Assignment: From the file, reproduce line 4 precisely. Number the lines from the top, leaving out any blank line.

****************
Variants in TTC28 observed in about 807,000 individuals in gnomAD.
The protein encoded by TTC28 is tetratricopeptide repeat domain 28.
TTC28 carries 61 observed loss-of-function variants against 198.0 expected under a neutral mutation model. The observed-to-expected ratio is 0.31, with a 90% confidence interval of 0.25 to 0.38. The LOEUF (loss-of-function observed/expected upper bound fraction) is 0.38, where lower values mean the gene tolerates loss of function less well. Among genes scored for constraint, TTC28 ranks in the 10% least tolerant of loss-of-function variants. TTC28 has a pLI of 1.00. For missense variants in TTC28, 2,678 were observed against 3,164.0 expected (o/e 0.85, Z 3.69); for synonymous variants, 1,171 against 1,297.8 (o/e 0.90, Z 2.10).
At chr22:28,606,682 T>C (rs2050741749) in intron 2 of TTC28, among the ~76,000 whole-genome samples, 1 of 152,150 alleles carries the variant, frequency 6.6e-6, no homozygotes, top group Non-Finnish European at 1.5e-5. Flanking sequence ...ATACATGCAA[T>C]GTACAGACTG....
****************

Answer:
At chr22:28,606,682 T>C (rs2050741749) in intron 2 of TTC28, among the ~76,000 whole-genome samples, 1 of 152,150 alleles carries the variant, frequency 6.6e-6, no homozygotes, top group Non-Finnish European at 1.5e-5. Flanking sequence ...ATACATGCAA[T>C]GTACAGACTG....